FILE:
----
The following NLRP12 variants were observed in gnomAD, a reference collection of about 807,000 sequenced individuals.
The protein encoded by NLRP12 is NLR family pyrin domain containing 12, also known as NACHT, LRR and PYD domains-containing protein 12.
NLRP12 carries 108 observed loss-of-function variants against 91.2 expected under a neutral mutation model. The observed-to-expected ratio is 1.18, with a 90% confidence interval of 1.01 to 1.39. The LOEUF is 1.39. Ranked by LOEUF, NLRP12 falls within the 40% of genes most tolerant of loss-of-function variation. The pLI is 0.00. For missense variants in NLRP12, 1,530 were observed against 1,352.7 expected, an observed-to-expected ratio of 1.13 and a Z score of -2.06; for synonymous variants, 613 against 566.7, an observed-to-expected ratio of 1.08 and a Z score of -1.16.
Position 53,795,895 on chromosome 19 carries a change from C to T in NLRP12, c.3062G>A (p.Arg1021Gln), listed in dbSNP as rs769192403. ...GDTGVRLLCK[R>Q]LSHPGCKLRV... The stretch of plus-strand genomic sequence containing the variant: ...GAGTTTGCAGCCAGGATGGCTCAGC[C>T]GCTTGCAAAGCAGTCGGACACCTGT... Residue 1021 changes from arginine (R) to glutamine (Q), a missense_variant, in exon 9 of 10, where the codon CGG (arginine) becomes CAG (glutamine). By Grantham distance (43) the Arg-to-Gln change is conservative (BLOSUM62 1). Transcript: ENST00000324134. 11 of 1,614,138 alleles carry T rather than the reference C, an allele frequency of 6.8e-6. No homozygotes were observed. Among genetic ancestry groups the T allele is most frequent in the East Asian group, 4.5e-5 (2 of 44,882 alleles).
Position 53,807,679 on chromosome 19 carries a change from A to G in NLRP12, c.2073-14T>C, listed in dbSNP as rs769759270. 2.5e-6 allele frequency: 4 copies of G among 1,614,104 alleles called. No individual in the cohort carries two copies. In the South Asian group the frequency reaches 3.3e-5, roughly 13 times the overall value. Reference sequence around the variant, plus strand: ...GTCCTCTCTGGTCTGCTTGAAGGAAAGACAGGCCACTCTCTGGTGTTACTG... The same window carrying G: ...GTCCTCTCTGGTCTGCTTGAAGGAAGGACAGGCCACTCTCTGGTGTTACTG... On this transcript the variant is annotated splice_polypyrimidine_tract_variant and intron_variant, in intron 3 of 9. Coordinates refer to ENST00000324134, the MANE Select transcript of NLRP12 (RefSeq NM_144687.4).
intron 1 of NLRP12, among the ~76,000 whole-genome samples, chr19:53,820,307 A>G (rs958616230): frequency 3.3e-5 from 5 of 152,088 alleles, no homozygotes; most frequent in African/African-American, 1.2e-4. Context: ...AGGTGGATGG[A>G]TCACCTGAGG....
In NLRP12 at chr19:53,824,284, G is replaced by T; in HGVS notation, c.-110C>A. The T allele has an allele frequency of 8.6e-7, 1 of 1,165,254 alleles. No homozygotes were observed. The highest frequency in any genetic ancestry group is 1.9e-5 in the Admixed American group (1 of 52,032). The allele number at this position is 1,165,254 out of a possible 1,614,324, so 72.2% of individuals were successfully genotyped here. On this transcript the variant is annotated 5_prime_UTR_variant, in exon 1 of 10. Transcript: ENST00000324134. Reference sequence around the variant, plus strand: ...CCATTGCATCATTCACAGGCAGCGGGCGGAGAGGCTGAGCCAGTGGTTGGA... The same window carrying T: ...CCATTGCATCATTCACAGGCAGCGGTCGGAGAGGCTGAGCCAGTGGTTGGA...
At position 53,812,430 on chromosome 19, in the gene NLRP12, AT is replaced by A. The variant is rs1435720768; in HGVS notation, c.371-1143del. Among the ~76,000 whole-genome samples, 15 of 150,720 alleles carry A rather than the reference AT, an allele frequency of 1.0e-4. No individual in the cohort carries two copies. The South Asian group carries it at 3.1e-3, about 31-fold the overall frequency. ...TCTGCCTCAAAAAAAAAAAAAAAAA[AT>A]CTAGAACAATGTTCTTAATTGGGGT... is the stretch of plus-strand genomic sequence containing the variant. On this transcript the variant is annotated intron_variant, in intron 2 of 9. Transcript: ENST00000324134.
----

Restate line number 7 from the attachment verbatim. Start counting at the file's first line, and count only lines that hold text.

In NLRP12 at chr19:53,824,284, G is replaced by T; in HGVS notation, c.-110C>A. The T allele has an allele frequency of 8.6e-7, 1 of 1,165,254 alleles. No homozygotes were observed. The highest frequency in any genetic ancestry group is 1.9e-5 in the Admixed American group (1 of 52,032). The allele number at this position is 1,165,254 out of a possible 1,614,324, so 72.2% of individuals were successfully genotyped here. On this transcript the variant is annotated 5_prime_UTR_variant, in exon 1 of 10. Transcript: ENST00000324134. Reference sequence around the variant, plus strand: ...CCATTGCATCATTCACAGGCAGCGGGCGGAGAGGCTGAGCCAGTGGTTGGA... The same window carrying T: ...CCATTGCATCATTCACAGGCAGCGGTCGGAGAGGCTGAGCCAGTGGTTGGA...